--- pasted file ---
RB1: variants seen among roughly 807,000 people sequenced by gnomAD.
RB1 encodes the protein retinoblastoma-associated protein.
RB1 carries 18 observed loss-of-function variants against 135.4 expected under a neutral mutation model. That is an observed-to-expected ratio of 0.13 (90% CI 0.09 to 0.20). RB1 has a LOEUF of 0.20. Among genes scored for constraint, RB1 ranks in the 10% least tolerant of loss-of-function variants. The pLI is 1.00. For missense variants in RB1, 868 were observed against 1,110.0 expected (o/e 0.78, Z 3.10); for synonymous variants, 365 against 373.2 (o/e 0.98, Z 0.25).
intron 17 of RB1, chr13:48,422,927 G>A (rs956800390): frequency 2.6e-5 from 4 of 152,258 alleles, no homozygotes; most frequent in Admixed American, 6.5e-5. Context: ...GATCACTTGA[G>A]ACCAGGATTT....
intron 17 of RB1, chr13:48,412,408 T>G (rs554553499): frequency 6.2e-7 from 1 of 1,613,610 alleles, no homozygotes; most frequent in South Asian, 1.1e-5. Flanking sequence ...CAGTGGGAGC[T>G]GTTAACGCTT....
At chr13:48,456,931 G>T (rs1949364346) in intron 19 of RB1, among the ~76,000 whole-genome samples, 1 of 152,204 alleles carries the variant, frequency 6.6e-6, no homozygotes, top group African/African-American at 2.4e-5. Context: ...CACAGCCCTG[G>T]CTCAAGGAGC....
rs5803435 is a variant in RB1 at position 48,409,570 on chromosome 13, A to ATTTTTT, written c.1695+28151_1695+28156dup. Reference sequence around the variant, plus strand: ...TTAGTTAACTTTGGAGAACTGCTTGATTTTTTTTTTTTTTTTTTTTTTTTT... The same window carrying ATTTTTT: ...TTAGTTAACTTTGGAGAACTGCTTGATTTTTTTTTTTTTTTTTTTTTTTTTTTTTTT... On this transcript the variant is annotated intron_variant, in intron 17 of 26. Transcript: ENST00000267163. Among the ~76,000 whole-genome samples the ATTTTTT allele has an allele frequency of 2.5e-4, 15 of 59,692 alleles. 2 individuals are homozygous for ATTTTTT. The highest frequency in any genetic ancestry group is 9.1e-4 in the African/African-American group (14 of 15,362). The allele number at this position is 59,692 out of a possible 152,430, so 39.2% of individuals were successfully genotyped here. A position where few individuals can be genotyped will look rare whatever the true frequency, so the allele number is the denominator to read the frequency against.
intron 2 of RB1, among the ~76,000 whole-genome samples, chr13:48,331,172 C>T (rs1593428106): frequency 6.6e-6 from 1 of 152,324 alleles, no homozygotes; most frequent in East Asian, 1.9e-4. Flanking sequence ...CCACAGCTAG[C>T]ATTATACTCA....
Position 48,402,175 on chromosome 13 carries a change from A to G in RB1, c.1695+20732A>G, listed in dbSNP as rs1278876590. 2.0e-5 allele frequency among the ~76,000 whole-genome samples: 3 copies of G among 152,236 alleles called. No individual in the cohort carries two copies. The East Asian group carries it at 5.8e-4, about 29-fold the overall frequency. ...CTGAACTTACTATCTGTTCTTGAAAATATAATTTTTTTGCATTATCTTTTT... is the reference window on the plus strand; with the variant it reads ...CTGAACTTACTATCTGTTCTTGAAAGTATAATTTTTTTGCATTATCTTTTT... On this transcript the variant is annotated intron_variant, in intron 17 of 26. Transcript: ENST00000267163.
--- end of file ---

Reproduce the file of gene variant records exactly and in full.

RB1: variants seen among roughly 807,000 people sequenced by gnomAD.
RB1 encodes the protein retinoblastoma-associated protein.
RB1 carries 18 observed loss-of-function variants against 135.4 expected under a neutral mutation model. That is an observed-to-expected ratio of 0.13 (90% CI 0.09 to 0.20). RB1 has a LOEUF of 0.20. Among genes scored for constraint, RB1 ranks in the 10% least tolerant of loss-of-function variants. The pLI is 1.00. For missense variants in RB1, 868 were observed against 1,110.0 expected (o/e 0.78, Z 3.10); for synonymous variants, 365 against 373.2 (o/e 0.98, Z 0.25).
intron 17 of RB1, chr13:48,422,927 G>A (rs956800390): frequency 2.6e-5 from 4 of 152,258 alleles, no homozygotes; most frequent in Admixed American, 6.5e-5. Context: ...GATCACTTGA[G>A]ACCAGGATTT....
intron 17 of RB1, chr13:48,412,408 T>G (rs554553499): frequency 6.2e-7 from 1 of 1,613,610 alleles, no homozygotes; most frequent in South Asian, 1.1e-5. Flanking sequence ...CAGTGGGAGC[T>G]GTTAACGCTT....
At chr13:48,456,931 G>T (rs1949364346) in intron 19 of RB1, among the ~76,000 whole-genome samples, 1 of 152,204 alleles carries the variant, frequency 6.6e-6, no homozygotes, top group African/African-American at 2.4e-5. Context: ...CACAGCCCTG[G>T]CTCAAGGAGC....
rs5803435 is a variant in RB1 at position 48,409,570 on chromosome 13, A to ATTTTTT, written c.1695+28151_1695+28156dup. Reference sequence around the variant, plus strand: ...TTAGTTAACTTTGGAGAACTGCTTGATTTTTTTTTTTTTTTTTTTTTTTTT... The same window carrying ATTTTTT: ...TTAGTTAACTTTGGAGAACTGCTTGATTTTTTTTTTTTTTTTTTTTTTTTTTTTTTT... On this transcript the variant is annotated intron_variant, in intron 17 of 26. Transcript: ENST00000267163. Among the ~76,000 whole-genome samples the ATTTTTT allele has an allele frequency of 2.5e-4, 15 of 59,692 alleles. 2 individuals are homozygous for ATTTTTT. The highest frequency in any genetic ancestry group is 9.1e-4 in the African/African-American group (14 of 15,362). The allele number at this position is 59,692 out of a possible 152,430, so 39.2% of individuals were successfully genotyped here. A position where few individuals can be genotyped will look rare whatever the true frequency, so the allele number is the denominator to read the frequency against.
intron 2 of RB1, among the ~76,000 whole-genome samples, chr13:48,331,172 C>T (rs1593428106): frequency 6.6e-6 from 1 of 152,324 alleles, no homozygotes; most frequent in East Asian, 1.9e-4. Flanking sequence ...CCACAGCTAG[C>T]ATTATACTCA....
Position 48,402,175 on chromosome 13 carries a change from A to G in RB1, c.1695+20732A>G, listed in dbSNP as rs1278876590. 2.0e-5 allele frequency among the ~76,000 whole-genome samples: 3 copies of G among 152,236 alleles called. No individual in the cohort carries two copies. The East Asian group carries it at 5.8e-4, about 29-fold the overall frequency. ...CTGAACTTACTATCTGTTCTTGAAAATATAATTTTTTTGCATTATCTTTTT... is the reference window on the plus strand; with the variant it reads ...CTGAACTTACTATCTGTTCTTGAAAGTATAATTTTTTTGCATTATCTTTTT... On this transcript the variant is annotated intron_variant, in intron 17 of 26. Transcript: ENST00000267163.